Halifax Relief Commission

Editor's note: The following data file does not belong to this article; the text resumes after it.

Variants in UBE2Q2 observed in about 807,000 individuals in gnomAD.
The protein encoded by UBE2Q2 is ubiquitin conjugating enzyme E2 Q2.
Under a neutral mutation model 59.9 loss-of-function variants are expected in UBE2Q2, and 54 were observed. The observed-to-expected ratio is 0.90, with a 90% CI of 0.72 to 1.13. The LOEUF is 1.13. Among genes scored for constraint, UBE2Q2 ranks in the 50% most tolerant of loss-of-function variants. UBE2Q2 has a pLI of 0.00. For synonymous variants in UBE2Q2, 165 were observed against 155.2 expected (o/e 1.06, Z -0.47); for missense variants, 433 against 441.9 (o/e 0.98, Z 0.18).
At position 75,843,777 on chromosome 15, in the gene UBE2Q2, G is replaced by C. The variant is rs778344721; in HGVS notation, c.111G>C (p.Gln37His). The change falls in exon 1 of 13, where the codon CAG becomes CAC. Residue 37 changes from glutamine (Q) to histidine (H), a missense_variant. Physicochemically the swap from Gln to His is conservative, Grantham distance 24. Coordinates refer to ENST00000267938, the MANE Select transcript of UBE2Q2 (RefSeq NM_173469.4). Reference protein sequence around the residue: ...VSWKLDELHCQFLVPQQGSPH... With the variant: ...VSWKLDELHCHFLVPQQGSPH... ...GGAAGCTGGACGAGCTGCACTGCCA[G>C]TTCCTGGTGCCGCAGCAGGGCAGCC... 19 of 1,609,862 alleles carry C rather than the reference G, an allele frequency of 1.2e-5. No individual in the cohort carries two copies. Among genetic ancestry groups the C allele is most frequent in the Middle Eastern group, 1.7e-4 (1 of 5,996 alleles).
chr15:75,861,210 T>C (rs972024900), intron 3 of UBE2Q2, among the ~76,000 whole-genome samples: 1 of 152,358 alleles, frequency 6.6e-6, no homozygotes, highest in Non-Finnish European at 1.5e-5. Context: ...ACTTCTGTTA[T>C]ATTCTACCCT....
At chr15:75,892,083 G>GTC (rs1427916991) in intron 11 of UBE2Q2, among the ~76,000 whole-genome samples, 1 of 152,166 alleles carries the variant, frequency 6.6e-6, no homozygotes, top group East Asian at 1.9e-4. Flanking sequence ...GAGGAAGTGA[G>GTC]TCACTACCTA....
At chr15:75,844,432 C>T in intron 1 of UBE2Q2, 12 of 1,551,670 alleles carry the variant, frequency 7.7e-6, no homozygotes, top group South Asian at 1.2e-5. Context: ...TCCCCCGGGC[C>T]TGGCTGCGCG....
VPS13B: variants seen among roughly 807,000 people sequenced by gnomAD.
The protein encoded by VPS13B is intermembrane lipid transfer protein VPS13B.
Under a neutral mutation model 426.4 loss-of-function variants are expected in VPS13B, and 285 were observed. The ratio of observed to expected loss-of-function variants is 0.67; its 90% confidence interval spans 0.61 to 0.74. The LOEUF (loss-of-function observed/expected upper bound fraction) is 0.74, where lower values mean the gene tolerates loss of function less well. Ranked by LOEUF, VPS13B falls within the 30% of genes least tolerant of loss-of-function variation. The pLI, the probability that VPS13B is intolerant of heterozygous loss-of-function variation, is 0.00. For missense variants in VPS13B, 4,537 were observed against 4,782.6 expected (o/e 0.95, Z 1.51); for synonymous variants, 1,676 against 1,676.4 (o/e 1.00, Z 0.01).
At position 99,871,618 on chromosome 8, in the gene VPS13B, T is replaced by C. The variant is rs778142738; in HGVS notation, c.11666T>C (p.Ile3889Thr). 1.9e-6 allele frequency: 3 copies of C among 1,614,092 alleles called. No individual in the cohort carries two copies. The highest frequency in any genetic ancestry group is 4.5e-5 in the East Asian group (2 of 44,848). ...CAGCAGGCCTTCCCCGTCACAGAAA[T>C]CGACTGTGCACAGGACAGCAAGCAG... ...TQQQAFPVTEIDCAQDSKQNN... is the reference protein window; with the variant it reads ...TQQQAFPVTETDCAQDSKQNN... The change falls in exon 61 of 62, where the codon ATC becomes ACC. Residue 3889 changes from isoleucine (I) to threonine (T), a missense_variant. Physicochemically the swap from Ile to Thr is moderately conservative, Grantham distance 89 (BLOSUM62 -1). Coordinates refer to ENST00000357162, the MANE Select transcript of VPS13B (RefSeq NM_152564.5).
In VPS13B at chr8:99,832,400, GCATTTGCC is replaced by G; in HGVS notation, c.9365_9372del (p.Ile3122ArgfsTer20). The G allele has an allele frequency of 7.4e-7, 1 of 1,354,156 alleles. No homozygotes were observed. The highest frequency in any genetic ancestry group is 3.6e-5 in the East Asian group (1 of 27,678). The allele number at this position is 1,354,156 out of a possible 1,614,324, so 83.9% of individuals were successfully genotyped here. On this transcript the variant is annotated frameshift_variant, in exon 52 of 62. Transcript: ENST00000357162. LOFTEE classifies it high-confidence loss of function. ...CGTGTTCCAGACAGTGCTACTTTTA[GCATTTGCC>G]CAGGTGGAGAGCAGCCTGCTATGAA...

Halifax Relief Commission began 6 Dec 1917 as an emergency committee to provide immediate relief after the HALIFAX EXPLOSION. In Apr 1918, a 3-man commission was incorporated by provincial statute to administer a $30-million fund for medical care, social welfare, compensation and reconstruction. Total destruction and lingering human misery encouraged the rapid implementation of various innovative civic-planning and social-rehabilitation schemes, including a master town plan in 1921 and Canada's first public-housing project, the Hydrostone development, built in the devastated area and administered by the commission. By 1948 the commission's priorities had changed and it became a pension board. In 1976, with $1.5 million remaining and with 65 disabled dependants, the Halifax Relief Commission was terminated and its responsibilities transferred to the Canada Pension Commission.